For Science!
5 Unsolved Mysteries of Our Solar System's Moons

CJ Miozzi | 16 Jul 2014 19:00
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Miranda

 

3. Miranda's Frankenstein Appearance

The smallest of Uranus' five major moons, Miranda looks like a Frankenstein world, stitched together from distinct pieces into some misshapen monstrosity. This patchwork appearance to the moon's surface suggests intense geological activity in its past that led to broken terrain, huge canyons that crisscross, and large, concentric grooves called "coronae."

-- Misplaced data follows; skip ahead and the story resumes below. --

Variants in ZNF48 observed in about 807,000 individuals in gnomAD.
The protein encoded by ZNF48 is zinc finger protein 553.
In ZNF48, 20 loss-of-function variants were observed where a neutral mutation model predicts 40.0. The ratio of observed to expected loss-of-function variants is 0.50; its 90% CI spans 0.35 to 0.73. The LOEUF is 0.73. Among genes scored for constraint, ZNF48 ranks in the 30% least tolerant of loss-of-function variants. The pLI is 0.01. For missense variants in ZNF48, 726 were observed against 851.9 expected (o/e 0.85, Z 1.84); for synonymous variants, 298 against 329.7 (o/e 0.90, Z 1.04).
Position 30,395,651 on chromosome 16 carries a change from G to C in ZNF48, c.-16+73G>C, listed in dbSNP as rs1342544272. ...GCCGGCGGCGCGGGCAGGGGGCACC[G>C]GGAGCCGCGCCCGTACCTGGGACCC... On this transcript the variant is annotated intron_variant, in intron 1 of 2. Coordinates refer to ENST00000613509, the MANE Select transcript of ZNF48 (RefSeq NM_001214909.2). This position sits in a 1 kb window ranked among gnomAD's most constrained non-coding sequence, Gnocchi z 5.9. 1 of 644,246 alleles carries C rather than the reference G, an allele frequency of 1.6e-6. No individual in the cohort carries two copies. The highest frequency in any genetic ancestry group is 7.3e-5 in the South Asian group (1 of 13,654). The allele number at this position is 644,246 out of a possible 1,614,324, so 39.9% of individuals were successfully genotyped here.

However, at one-seventh the size of Earth's moon, Miranda is too small to have been tectonically active. So how do we explain all these features?

One belief is that Miranda's orbit was more oval in the past, resulting in a larger difference between the points at which it is closest and farthest from Uranus. When it is further from Uranus, the planet's gravity tugs at it less powerfully than when it is closer, leading to tidal flexing that deforms the moon and warms its interior through friction. Another theory is that Miranda - or rather, pre-Frankenstein Miranda - was shattered by a massive impact, and the pieces reassembled into the current, bizarre shape.

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